Color and Shade: What Color Can Do For Your Project

Picking out the best color for your flooring project is not as simple as just picking out your favorite shade.

Color in a room can transport, immerse, change or utterly shatter a room’s design. Choosing colors that “gel” in your home and fit the existing schemes and locations is essential when choosing the color of a project. When choosing which color will fit best for your individual project, keep in mind these considerations.

Matching Elements

What else is going to be in the room? If you are working on the walls, but have already chosen the floor or ceiling, or vice-versa, you need to match to existing elements. Of course, smooth visual movement from one room to the next is also essential. It’s not just about the basics of the room either. Consider rugs, furniture, fixtures and the colors of all of the items that will be in the room. Sometimes different designs or texture can be used to weave similar or complementary color patterns throughout a room in a way that will be aesthetically pleasing.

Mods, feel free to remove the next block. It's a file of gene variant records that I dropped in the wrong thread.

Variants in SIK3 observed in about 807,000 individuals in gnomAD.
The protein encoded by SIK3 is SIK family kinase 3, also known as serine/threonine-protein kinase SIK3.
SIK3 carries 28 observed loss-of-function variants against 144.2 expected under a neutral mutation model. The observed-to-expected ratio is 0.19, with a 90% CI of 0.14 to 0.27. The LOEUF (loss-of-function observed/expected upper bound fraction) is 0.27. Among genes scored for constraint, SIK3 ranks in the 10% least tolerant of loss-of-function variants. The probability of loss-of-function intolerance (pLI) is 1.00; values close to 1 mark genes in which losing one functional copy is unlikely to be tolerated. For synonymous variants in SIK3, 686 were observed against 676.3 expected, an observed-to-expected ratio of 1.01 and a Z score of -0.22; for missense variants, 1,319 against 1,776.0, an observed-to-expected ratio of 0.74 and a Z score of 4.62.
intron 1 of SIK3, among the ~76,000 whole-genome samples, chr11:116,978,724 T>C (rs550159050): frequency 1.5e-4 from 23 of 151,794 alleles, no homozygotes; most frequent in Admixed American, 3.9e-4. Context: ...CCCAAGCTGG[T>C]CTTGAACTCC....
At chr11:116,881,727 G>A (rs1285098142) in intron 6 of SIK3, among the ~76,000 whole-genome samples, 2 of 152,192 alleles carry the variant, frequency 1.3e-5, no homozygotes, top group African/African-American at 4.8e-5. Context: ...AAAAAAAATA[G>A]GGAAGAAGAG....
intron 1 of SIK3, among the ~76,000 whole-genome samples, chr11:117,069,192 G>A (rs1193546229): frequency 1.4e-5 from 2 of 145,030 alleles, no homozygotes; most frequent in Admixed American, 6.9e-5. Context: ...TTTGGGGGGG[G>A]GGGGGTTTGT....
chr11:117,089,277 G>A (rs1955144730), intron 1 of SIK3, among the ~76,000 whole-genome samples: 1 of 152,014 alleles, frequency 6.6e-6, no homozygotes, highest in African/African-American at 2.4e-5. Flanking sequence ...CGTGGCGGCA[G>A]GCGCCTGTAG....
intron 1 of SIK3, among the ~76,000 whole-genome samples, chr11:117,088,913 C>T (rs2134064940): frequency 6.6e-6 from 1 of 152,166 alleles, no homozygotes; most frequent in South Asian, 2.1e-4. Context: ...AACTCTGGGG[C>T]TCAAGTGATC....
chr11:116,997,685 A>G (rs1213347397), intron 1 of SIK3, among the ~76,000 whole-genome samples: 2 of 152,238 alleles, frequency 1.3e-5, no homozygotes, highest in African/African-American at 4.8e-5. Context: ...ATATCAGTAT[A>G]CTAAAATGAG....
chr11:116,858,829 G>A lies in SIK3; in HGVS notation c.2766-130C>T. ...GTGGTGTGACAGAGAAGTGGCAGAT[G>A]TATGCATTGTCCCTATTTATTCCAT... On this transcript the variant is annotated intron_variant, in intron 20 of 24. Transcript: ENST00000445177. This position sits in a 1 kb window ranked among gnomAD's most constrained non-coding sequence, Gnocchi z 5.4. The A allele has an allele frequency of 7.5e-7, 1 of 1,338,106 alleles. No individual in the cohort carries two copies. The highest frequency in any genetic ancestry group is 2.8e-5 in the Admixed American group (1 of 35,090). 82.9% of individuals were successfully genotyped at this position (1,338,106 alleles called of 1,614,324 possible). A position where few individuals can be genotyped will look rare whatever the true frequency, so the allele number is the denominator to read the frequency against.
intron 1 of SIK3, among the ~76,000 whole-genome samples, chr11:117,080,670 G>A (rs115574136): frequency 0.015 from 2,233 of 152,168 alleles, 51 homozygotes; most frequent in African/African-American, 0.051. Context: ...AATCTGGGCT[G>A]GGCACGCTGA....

Color Schemes

Take a look at the color wheel below for a quick cheat sheet. The wheel below consists of complementary and analogous colors. Complementary colors are across from one another on the wheel. For example, blue and orange. Analogous colors are adjacent to one another, for example yellow and green. Tertiary colors are generated by combining colors such as yellow-green.

The color will below illustrates color triads, three colors that work well together. Following a triangle from one of the three points on a triangle in the wheel below produces a great color scheme consisting of three colors.

Once you have chosen three colors, it is then easy to vary their shade and intensity to achieve your own personal look. The great thing about the color wheel is that you can pick a color and follow the triangle to identify two color matches, or you can look at your choices as triplets. Complementary colors are a little bolder than triads, but both can be utilized differently depending on your project.

Monochromatic color schemes are another option. The most simple of the patterns, it involves simply using multiple shades of one color to achieve a pleasing color effect.

Other Color Scheme Combinations

Not Using Color

Of course, in designing a space, not using color is also an option. Blacks and whites can be commonly used to expand rooms and increase the flexibility a designer has in other elements of the home design. White or black space can also give a very “clean” or modern appearance that was more difficult and expensive to achieve in older materials.